[Linux-aus] Linux Australia Code of Conduct - revised draft

Russell Stuart russell-linuxaus at stuart.id.au
Sun Nov 27 13:44:22 EST 2011

On Sun, 2011-11-27 at 09:29 +1100, Donna Benjamin wrote: 
> Drupal Downunder aims to be a fun, welcoming and professional event for
> the Drupal community to get together to learn from each other and be
> inspired. The organisers are committed to the ideals expressed in the
> Drupal code of conduct (http://drupal.org/dcoc), and ask all our
> speakers, volunteers, attendees and guests to adopt these principles.
> This is a diverse community. Sometimes this means we need to work harder
> to ensure we're creating an environment of trust and respect where all
> who come to participate feel comfortable and included.
> We value your attendance and appreciate your help in realising this
> goal.
> Be respectful.
> --------------
> Respect yourself, and respect others. If someone indicates they don't
> wish to be photographed, respect that wish. If someone indicates they
> would like to be left alone, let them be. Our event venues may be shared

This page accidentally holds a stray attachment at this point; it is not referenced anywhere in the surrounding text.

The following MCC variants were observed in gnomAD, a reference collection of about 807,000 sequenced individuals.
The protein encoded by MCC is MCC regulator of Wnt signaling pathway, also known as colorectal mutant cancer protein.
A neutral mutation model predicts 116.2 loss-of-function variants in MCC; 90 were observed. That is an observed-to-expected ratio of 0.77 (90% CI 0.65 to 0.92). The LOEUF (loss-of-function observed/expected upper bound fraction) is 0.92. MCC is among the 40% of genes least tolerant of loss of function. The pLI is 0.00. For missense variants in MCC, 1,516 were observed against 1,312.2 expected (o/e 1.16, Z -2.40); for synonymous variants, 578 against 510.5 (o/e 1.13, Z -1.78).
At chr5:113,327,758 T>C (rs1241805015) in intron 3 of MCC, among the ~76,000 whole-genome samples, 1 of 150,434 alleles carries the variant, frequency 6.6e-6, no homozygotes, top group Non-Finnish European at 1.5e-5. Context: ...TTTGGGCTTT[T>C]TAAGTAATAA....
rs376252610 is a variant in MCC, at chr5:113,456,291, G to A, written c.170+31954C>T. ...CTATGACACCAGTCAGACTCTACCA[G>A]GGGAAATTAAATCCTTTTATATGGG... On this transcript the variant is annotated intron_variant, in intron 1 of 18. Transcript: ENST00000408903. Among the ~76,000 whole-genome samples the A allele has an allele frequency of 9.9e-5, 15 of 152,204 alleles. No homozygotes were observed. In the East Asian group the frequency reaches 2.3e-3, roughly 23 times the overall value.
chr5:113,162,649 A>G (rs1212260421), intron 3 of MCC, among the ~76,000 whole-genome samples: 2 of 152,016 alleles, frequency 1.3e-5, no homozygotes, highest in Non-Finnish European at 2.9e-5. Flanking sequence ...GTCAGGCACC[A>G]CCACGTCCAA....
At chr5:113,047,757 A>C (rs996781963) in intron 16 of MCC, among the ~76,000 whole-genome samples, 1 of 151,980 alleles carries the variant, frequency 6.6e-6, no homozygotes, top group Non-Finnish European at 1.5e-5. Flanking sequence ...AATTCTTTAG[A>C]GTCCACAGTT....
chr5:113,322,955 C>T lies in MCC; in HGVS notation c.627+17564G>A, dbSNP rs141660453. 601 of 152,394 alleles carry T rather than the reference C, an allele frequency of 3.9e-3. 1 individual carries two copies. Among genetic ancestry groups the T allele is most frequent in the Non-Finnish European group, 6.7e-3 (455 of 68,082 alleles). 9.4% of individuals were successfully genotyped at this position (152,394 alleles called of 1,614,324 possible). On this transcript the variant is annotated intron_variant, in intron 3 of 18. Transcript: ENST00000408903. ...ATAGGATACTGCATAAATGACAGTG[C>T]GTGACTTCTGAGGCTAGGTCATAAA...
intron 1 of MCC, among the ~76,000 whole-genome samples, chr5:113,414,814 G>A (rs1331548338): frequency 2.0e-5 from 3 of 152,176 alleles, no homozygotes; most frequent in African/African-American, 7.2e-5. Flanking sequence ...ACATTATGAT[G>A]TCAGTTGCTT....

> with members of the public; please be respectful to all patrons of these
> locations.
> Be considerate.
> ---------------
> Be considerate and tolerant of others. Help us by doing your best to
> make this event as welcoming, friendly, fun and informative for others
> as possible. 
> Be careful.
> -----------
> Please keep an eye out for dangerous activities or situations. Alert the
> conference team if you become aware of any safety hazards.
> Be aware.
> ---------
> Unfortunately there have been unpleasant incidents (link to timeline) at
> technical conferences in the past. Therefore we ask everyone to be aware
> that we will not tolerate intimidation, harassment, or any abusive,
> discriminatory or derogatory behaviour by anyone at the event. 
> Complaints can be made to the organisers by contacting the Registration
> Desk. All complaints made to the DDU2012 organisers will remain
> confidential and be taken seriously. An investigation will be
> undertaken. Should DDU2012 organisers consider it appropriate, they may